India: The Land of Colors and Unending Stories
If I ask you what comes to your mind when someone says India, what would you say?
The most crowded population in the World after China, the spicy cuisine which is delicious and wide, the cast system between regions, English as a common language in the country, Gandhi and his independence struggle, wedding traditions which last at least 5 days, smiling people who wants to take photos with you, dances or Bollywood?
My first introduction to Indian culture was during my MBA education in Canada. I was waiting forwardly for my close friends’ wedding to experience India. Finally, last year I had the chance to spend 12 days in India. 12 days is not enough to understand this multicultural country’s soul, people, their lifestyles and mentalities, but it still helps to widen your perception.
There is a sentence we all know, ‘’either you love India, or hate it.’’ I am on the side of people who love India with all the differences, smells of spices, monkeys, elephants and cows, its energy and colors because this country is an oasis for the travelers all around the world because of its cultural legacy. Here are more than 200 different languages which are spoken in India however as it was ruled by the UK, their common language is English. India is a very big country, this is why I had only the chance to visit the region which is called ‘’Golden Triangle’’ (Delhi-Agra-Jaipur) and the legendary city of Bollywood, Bombay. Everything aside, it was priceless to be in a traditional Indian wedding.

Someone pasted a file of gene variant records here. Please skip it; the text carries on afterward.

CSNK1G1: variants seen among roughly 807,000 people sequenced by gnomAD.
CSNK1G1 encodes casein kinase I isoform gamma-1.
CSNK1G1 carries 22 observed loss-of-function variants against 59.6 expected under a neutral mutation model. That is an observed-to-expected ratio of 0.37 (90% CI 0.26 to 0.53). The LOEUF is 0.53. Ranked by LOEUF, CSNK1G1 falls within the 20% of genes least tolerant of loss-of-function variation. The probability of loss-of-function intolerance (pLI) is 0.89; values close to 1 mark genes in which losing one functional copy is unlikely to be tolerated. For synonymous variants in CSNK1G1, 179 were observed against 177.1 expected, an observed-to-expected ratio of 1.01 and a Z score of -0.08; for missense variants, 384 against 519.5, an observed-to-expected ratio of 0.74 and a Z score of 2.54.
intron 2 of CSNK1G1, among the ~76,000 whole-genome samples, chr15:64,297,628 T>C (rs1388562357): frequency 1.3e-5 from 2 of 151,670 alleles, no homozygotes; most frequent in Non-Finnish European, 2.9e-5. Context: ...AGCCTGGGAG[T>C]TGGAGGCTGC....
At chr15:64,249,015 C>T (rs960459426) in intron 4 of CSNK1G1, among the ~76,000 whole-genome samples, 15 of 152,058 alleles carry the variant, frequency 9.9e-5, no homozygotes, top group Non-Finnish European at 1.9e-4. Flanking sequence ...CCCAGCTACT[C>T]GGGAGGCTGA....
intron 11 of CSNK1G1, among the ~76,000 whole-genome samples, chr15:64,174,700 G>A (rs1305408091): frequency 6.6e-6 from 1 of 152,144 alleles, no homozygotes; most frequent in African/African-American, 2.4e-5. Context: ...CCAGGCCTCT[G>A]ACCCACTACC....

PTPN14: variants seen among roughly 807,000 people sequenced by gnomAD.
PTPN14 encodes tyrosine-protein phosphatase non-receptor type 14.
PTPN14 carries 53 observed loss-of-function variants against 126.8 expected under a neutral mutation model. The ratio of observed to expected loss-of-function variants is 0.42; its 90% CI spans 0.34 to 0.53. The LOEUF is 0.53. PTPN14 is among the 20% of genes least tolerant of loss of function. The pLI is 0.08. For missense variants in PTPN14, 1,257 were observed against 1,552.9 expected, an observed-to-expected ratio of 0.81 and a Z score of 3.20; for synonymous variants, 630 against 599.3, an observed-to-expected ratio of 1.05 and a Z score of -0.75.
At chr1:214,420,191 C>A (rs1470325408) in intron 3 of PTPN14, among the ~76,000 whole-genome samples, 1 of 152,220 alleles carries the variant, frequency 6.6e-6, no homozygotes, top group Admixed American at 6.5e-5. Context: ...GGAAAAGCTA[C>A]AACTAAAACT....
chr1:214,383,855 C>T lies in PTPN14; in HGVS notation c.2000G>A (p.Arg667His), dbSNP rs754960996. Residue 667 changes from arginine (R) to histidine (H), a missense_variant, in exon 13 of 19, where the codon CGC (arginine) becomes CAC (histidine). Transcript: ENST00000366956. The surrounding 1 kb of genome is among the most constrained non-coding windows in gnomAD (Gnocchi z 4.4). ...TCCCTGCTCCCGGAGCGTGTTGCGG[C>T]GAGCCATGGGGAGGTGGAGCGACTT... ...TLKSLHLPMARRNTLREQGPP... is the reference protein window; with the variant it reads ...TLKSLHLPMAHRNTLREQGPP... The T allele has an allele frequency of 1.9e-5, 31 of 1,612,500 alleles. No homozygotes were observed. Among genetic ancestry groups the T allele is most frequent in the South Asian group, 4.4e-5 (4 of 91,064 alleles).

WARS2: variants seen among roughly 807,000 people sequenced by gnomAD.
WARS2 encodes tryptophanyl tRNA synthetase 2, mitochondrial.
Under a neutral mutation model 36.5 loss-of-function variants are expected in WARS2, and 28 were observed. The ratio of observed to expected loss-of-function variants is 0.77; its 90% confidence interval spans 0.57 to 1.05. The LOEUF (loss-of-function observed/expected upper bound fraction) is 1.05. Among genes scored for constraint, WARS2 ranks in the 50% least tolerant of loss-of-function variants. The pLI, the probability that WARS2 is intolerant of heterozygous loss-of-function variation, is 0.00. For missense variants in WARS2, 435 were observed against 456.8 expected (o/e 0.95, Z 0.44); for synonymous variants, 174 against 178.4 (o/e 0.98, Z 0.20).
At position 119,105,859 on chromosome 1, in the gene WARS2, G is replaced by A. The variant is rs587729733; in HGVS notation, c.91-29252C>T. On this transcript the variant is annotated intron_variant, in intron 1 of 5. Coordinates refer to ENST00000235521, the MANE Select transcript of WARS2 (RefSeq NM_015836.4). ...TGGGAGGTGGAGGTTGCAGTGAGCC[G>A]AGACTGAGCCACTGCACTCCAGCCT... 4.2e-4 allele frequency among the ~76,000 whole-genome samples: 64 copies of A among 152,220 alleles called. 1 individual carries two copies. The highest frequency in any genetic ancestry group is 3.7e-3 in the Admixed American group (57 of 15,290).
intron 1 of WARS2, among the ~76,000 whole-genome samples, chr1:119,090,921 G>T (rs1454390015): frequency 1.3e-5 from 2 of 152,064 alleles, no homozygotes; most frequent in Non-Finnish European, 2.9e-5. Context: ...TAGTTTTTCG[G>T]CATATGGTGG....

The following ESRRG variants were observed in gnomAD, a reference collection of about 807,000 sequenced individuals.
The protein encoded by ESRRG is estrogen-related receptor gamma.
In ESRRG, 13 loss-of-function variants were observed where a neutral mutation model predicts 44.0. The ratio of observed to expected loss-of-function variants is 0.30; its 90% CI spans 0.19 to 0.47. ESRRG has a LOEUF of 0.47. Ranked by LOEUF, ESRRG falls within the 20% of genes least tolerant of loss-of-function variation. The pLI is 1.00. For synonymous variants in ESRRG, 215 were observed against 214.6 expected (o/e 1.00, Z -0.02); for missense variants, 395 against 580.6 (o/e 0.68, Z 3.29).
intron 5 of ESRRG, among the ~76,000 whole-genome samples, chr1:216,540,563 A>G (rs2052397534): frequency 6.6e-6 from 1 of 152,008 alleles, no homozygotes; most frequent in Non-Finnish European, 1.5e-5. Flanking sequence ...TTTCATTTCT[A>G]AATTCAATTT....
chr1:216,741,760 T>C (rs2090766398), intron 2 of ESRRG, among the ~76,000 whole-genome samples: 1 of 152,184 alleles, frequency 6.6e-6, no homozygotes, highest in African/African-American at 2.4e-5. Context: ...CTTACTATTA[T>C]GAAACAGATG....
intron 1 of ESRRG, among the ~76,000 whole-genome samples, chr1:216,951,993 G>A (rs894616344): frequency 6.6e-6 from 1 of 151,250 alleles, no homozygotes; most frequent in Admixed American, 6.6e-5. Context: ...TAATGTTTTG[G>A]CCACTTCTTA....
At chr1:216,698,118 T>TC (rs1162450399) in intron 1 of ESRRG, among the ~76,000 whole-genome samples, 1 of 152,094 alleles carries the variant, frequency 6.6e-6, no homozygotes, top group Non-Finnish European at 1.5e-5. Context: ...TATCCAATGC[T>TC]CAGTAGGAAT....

Taj Mahal: One of the seven wonders of the world
Indian poet Rabindranath Tagore said: ‘’Taj Mahal, rising as a single teardrop which is hanged off the time’s cheek through the riverside.’’ Edward Lear, an English Lord said: People divide into two, people who saw Taj Mahal, and people who don’t. If you ask my opinion, it is a splendiferous beauty with its energy which comes from its magical whiteness. So, what is Taj Mahal? It is an indicator which shows the love of King Cihan, the king of the Mughal Empire to his wife, Banu Begum. It is also a symbol of the power of the Mughul empire. Since 1983, it is in UNESCO’S World Heritage list. There are estimated 3 million visitors in a year.
You can’t come with vehicles which are working with gasoline or vehicles with diesel motor after a certain distance to Taj Mahal. This is because authorities do not want its white marbles to be harmed. You can use minibusses which are working with electricity, phaetons which are called Tonga and Rickshaws, or you can walk. The decision is yours.
Jaipur: Pink City
You can understand that you are in another region when you travel from Agra to Rajasthan with a vehicle. Different kinds of people, animals, colorful saris, camels, monkeys, crowded buses, large trucks with Blow Horn writings at the back, families which are using one motorbike with 5 persons… These are some of the interesting things which I saw on the way.
Jaipur, which is also called the pink city, is a traditional and colorful city. You can discover the ancient architecture of the city while you are walking around the palaces and crowded markets. It is breathtaking.